Lost in the Cosmos
LOST IN THE COSMOS: THE LAST SELF-HELP BOOK
The Strange Case of the Self, your Self, the Ghost which Haunts the Cosmos
How you can survive in the Cosmos about which you know more and more while knowing less and less about yourself, this despite 10,000 self-help books, 100,000 psychotherapists, and 100 million fundamentalist Christians
Why it is that of all the billions and billions of strange objects in the Cosmos—novas, quasars, pulsars, black holes—you are beyond doubt the strangest
Why it is possible to learn more in ten minutes about the Crab Nebula in Taurus, which is 6,000 light-years away, than you presently know about yourself, even though you’ve been stuck with yourself all your life
How it is possible for the man who designed Voyager 19, which arrived at Titania, a satellite of Uranus, three seconds off schedule and a hundred yards off course after a flight of six years, to be one of the most screwed-up creatures in California—or the Cosmos
A Twenty-Question Quiz which will not help you become rich or more assertive or more creative or make love better but which may—though it probably won’t, considering how useless self-help books generally are—help you discover who you are not and even—an outside chance—who you are
A preliminary short quiz which you can take standing in a bookstore and which will allow you to determine whether you need to buy this book and proceed to the Twenty Questions
A short history of the Cosmos, including a semiotic theory of the Self which explains why it is that man is the only alien creature, as far as we know, in the entire Cosmos
A space odyssey which gives an account of what can happen to an earthling astronaut if there is somebody out there and what can happen if there is no one out there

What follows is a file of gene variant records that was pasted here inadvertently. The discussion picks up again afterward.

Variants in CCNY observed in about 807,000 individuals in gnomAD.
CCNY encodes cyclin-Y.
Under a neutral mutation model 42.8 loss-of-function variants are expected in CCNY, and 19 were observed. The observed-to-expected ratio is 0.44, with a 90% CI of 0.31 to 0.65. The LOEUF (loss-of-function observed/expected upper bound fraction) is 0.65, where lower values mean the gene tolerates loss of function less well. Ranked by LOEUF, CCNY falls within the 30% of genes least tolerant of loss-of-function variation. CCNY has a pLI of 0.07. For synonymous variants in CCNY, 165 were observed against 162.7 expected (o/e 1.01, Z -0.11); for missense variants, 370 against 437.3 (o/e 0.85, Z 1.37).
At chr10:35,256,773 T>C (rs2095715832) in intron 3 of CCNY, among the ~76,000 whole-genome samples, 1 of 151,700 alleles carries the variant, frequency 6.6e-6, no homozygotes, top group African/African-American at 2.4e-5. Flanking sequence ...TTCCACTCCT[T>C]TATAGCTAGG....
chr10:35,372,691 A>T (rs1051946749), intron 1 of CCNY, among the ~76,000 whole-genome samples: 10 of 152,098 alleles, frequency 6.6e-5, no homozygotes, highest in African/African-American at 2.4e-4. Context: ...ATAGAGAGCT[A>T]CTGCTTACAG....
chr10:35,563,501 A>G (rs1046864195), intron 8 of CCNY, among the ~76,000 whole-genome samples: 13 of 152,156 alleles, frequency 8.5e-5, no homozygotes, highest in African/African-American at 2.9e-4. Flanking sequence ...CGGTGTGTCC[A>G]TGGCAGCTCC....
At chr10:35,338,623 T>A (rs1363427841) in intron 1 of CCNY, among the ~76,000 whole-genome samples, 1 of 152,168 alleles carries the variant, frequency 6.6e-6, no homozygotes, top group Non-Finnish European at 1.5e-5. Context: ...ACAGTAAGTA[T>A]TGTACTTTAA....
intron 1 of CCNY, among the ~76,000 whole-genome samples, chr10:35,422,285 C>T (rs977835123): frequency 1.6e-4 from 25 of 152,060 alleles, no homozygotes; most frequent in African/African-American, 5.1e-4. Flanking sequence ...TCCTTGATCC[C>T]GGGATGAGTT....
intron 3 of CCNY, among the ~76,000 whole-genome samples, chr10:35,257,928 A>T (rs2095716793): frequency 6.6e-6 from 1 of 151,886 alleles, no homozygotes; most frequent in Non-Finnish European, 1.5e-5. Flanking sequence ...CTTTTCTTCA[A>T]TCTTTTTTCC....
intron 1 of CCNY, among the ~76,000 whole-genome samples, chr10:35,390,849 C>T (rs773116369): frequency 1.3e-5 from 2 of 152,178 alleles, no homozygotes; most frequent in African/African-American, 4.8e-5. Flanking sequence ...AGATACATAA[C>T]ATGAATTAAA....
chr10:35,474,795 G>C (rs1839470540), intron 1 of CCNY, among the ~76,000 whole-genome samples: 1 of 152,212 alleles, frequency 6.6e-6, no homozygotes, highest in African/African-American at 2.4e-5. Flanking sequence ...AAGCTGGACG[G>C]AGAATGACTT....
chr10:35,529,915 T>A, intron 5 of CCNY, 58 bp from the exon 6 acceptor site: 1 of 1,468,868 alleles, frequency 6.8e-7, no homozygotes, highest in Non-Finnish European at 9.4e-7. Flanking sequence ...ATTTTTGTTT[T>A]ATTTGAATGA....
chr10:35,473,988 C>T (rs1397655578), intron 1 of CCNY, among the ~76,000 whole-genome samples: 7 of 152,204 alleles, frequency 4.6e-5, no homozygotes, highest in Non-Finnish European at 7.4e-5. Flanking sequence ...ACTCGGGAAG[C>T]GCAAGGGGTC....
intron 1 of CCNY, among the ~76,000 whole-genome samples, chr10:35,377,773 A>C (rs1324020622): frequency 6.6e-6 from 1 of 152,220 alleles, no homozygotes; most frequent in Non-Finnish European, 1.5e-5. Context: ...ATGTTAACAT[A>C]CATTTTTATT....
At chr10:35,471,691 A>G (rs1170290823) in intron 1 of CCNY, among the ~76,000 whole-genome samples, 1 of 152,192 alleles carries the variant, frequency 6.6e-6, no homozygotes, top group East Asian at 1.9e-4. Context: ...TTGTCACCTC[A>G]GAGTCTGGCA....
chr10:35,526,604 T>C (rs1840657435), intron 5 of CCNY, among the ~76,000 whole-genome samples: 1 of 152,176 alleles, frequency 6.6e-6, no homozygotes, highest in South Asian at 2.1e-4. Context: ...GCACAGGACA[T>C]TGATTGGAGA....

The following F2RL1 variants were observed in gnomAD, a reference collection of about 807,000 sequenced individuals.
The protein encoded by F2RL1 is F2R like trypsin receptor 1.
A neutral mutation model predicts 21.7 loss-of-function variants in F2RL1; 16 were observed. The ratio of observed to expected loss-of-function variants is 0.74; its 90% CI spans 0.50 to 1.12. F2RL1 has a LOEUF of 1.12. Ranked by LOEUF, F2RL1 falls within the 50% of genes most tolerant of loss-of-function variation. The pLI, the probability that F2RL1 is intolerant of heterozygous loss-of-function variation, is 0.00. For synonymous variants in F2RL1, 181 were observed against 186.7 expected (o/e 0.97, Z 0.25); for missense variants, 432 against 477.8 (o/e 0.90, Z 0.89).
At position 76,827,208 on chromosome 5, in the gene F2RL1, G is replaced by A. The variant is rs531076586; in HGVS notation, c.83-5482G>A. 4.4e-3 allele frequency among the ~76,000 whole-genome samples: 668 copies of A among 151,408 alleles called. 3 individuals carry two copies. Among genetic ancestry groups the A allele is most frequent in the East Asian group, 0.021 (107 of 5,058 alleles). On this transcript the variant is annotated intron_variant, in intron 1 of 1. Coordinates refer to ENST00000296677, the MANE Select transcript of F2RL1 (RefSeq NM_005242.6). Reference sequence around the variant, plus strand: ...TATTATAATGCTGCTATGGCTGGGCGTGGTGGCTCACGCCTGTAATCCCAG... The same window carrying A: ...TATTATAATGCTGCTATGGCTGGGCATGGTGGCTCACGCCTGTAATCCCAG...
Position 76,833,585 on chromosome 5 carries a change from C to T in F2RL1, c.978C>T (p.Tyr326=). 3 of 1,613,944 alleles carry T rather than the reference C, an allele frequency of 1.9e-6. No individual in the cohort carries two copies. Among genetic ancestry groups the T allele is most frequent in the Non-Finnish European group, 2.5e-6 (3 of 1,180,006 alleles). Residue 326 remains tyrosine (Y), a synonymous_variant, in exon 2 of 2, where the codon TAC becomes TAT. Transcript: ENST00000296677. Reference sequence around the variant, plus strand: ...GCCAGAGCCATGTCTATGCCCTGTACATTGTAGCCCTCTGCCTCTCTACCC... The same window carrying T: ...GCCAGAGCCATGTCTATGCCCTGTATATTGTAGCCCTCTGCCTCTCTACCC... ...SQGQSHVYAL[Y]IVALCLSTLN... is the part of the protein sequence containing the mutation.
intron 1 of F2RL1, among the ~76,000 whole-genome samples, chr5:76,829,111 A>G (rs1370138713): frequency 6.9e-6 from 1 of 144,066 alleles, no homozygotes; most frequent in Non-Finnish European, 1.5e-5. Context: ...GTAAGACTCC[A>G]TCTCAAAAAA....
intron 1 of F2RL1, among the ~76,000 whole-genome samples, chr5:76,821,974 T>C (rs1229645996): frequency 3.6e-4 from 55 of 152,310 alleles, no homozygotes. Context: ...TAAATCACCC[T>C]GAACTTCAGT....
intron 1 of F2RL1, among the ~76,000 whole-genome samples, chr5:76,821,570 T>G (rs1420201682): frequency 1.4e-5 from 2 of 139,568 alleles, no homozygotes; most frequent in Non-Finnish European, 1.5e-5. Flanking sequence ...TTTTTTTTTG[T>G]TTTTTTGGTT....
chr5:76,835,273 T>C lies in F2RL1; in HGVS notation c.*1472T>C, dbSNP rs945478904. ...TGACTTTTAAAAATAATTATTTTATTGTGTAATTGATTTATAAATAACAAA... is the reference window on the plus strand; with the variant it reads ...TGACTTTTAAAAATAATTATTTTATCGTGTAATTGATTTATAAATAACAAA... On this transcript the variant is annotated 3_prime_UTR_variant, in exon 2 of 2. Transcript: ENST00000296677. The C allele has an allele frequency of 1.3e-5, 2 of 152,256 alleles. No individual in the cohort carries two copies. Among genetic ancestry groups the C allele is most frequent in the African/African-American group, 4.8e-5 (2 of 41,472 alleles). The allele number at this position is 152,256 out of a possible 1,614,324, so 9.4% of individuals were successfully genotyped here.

Preliminary Short Quiz
so that you may determine whether you need to take the Twenty-Question Self-Help Quiz. If you can answer these questions, you are not lost in the Cosmos
IMAGINE THAT YOU ARE reading a book about the Cosmos. You find it so interesting that you go out and buy a telescope. One fine clear moonless night you set up your telescope and focus on the brightest star in the sky. It is a planet, not a star, with a reddish spot and several moons. Excited, you look up the planets in your book about the Cosmos. You read a description of the planets. You read a sentence about a large yellowish planet with a red spot and several moons. You recognize both the description and the picture. Clearly, you have been looking at Jupiter.
You have no difficulty at all in saying that it is Jupiter, not Mars or Saturn, even though the object you are looking at is something you have never seen before and is hundreds of millions of miles distant.
Now imagine that you are reading the newspaper. You come to the astrology column. You may or may not believe in astrology, but to judge from the popularity of astrology these days, you will probably read your horoscope. According to a recent poll, more Americans set store in astrology than in science or God.
You are an Aries. You open your newspaper to the astrology column and read an analysis of the Aries personality. It says among other things:
You have the knack of creating an atmosphere of thought and movement, unhampered by petty jealousies. But you have the tendency to scatter your talents to the four winds.
Hm, you say, quite true. I’m like that.
Suddenly you realize you’ve made a mistake. You’ve read the Gemini column. So you go back to Aries:
Nothing hurts you more than to be unjustly mistreated or suspected. But you have a way about you, a gift for seeing things through despite all obstacles and distractions. You also have a desperate need to be liked. So you have been wounded more often than you will admit.
Hm, you say, quite true. I’m like that.
The first question is: Why is it that both descriptions seem to fit you—or, for that matter, why do you seem to recognize yourself in the self-analysis of all twelve astrological signs? Or, to put it another way, why is it that you can recognize and identify the planets Jupiter and Venus so readily after reading a bit and taking one look, yet have so much trouble identifying yourself from twelve descriptions when, presumably, you know yourself much better than you know Jupiter and Venus?
(2) Can you explain why it is that there are, at last count, sixteen schools of psychotherapy with sixteen theories
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